A wooden crucifix adorns the wall of this eighth-grade history classroom at Saint Bernadette Catholic School — with a web-connected touch-controlled electronic white board hanging directly below the cross.
As they prepare for the upcoming academic year, a new principal, Peter Barile, and new assistant principal, Ed Goad, are looking to 21st century educational tools like those Smart Boards, to brand St. Bernadette’s as a “fully technology-based school” — and reverse a regional slide in parochial school enrollment.
Barile and Goad ascended to the top positions at the 150-student school earlier this month. They have since developed a plan for Saint Bernadette’s future, to build on the traditional religious curriculum and values with marketing and technology. Part of the strategy mirrors what non-parochial private schools have done for many years.
“We want to be on the leading edge,” Barile said.
The technology push fits in with the most recent Ministerial Plan issued by the Archdiocese of Hartford, which states: “Students in our classrooms are part of a digital generation; therefore, we must embrace best practices that include the integration of 21st century literacies and technologies.”
Saint Bernadette Catholic School lies behind Saint Bernadette Church on Townsend Avenue, with a connection between the buildings that means, Barile said, the students never have to walk through the rain to get to mass. The classes span kindergarten through the eighth grade, with 70 percent of students coming from parishioner families.
Barile is not a newcomer to the job. He held the principal position from 2006 to 2009, when he had intended to retire. A desire to give back to the church, and the opening created when the previous principal left in April, led to his return to the post. He has also served as the superintendent of schools in Monroe and Madison.
Barile began working with Goad eight years ago, when he hired him to teach eighth grade at St. Bernadette. Though neither Barile nor Goad attended parochial school as children, Superintendent of Catholic Schools for the Archdiocese of Hartford Dale Hoyt said Barile is “one of those people that I truly believe will make a difference in Catholic education.”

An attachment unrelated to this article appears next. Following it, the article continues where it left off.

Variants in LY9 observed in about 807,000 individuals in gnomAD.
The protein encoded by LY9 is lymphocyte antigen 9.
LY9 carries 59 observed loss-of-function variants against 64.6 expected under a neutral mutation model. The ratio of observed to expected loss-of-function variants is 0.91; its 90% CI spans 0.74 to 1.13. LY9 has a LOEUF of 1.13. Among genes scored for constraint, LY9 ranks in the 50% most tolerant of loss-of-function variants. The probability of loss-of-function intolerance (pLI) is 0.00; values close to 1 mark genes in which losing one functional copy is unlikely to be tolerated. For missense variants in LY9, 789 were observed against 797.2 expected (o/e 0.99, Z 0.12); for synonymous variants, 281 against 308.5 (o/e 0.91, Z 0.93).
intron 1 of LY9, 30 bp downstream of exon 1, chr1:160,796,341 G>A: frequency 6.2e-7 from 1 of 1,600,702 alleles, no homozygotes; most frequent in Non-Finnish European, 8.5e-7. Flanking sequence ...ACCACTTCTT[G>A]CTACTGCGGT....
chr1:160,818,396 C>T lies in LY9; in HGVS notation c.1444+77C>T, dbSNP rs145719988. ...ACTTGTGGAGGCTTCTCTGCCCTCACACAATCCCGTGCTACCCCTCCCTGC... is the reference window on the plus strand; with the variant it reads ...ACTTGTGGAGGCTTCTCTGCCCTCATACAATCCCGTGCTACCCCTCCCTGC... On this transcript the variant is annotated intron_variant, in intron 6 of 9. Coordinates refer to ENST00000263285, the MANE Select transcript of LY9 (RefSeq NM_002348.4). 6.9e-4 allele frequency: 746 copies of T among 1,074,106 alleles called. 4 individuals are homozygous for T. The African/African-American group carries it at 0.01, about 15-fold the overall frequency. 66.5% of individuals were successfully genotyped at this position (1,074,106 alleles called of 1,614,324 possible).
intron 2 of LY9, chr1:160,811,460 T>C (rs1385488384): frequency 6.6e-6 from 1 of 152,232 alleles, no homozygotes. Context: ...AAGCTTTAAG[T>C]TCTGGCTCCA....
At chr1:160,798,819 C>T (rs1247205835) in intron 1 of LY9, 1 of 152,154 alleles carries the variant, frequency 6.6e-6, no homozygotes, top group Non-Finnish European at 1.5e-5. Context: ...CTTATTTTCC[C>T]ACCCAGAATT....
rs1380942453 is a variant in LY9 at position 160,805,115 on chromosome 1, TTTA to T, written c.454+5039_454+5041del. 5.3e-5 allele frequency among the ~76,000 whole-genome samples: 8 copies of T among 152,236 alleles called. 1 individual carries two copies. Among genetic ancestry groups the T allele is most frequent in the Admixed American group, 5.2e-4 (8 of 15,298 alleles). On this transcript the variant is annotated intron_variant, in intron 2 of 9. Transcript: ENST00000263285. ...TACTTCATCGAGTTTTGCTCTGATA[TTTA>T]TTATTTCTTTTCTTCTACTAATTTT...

Since the Office of Catholic Schools, led by Hoyt, presents the schools within the diocese with a detailed curriculum, Barile and Goad’s own plans for Saint Bernadette focus on developing the school’s technology and marketing.
“I can’t tell you I’m going to implement changes yet,” Barile said. “My expectation is to carry on what was done.”
Parochial School, Pixelated
On a separate table from the 17 desktops in the computer lab, two charging units hold ten iPads each, with over 30 more located elsewhere in the school.
Every student already has access to a school iPad. Goad said the eventual goal under the new technology strategy is to have enough tablets for all the students to use their own. Then, the students could use e-textbooks during class, for example.
“Kids’ heads are glued to their cell phones,” Goad said, so he sees technology as a way to better communicate information. The Smart Boards in the classrooms also help teachers integrate internet and multimedia into their lesson plans.
The faculty will undergo formal technology training before the school year starts on Aug. 27, Barile said, so teachers can continue to learn about new programs and devices.
“I want every student as they graduate to know they are fully technology-oriented in every way possible … doing everything they can in technology so they can communicate in every way possible,” he said.
When asked whether Saint Bernadette can move to the forefront of digital education, Hoyt said, “Anything is possible.”
“There’s a lot of technology at Saint Bernadette but technology is changing,” Hoyt added. “I think it’s a great vision Dr. Barile has, but it’s going to take a lot of work with the school board, grant writing, foundations, and even local resources from the New Haven city.”
Barile — who started teaching in 1965 — learned to type on a Royal typewriter, using “hunt and peck” methodology.